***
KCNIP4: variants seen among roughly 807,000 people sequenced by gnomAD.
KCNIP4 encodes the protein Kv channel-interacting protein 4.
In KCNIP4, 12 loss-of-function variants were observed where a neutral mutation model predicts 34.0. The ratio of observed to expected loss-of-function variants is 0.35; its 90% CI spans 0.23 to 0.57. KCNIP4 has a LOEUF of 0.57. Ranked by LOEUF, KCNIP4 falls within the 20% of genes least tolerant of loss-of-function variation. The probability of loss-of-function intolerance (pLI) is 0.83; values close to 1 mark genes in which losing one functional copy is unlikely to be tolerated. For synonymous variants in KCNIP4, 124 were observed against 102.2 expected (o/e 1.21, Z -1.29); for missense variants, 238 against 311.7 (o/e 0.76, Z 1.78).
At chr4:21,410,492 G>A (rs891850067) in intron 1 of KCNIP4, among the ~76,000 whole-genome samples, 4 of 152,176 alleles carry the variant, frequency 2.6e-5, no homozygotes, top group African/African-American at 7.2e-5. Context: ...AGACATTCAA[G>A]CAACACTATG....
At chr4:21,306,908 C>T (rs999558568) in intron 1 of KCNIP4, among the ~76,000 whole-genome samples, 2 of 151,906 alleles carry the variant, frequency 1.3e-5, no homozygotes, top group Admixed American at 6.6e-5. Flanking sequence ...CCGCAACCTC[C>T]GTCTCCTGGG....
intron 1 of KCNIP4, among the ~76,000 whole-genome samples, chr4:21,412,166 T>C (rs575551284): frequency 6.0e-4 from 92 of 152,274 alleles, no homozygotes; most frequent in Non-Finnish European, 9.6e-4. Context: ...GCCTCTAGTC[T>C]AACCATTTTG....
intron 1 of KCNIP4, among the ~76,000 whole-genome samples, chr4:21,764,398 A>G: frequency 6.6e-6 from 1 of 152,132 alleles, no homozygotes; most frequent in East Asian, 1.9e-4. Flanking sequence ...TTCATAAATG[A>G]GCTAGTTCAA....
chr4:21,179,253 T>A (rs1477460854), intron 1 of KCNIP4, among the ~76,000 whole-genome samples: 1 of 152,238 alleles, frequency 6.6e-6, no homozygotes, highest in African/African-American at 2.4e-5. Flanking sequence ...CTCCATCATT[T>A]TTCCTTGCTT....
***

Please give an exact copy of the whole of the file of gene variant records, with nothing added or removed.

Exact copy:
KCNIP4: variants seen among roughly 807,000 people sequenced by gnomAD.
KCNIP4 encodes the protein Kv channel-interacting protein 4.
In KCNIP4, 12 loss-of-function variants were observed where a neutral mutation model predicts 34.0. The ratio of observed to expected loss-of-function variants is 0.35; its 90% CI spans 0.23 to 0.57. KCNIP4 has a LOEUF of 0.57. Ranked by LOEUF, KCNIP4 falls within the 20% of genes least tolerant of loss-of-function variation. The probability of loss-of-function intolerance (pLI) is 0.83; values close to 1 mark genes in which losing one functional copy is unlikely to be tolerated. For synonymous variants in KCNIP4, 124 were observed against 102.2 expected (o/e 1.21, Z -1.29); for missense variants, 238 against 311.7 (o/e 0.76, Z 1.78).
At chr4:21,410,492 G>A (rs891850067) in intron 1 of KCNIP4, among the ~76,000 whole-genome samples, 4 of 152,176 alleles carry the variant, frequency 2.6e-5, no homozygotes, top group African/African-American at 7.2e-5. Context: ...AGACATTCAA[G>A]CAACACTATG....
At chr4:21,306,908 C>T (rs999558568) in intron 1 of KCNIP4, among the ~76,000 whole-genome samples, 2 of 151,906 alleles carry the variant, frequency 1.3e-5, no homozygotes, top group Admixed American at 6.6e-5. Flanking sequence ...CCGCAACCTC[C>T]GTCTCCTGGG....
intron 1 of KCNIP4, among the ~76,000 whole-genome samples, chr4:21,412,166 T>C (rs575551284): frequency 6.0e-4 from 92 of 152,274 alleles, no homozygotes; most frequent in Non-Finnish European, 9.6e-4. Context: ...GCCTCTAGTC[T>C]AACCATTTTG....
intron 1 of KCNIP4, among the ~76,000 whole-genome samples, chr4:21,764,398 A>G: frequency 6.6e-6 from 1 of 152,132 alleles, no homozygotes; most frequent in East Asian, 1.9e-4. Flanking sequence ...TTCATAAATG[A>G]GCTAGTTCAA....
chr4:21,179,253 T>A (rs1477460854), intron 1 of KCNIP4, among the ~76,000 whole-genome samples: 1 of 152,238 alleles, frequency 6.6e-6, no homozygotes, highest in African/African-American at 2.4e-5. Flanking sequence ...CTCCATCATT[T>A]TTCCTTGCTT....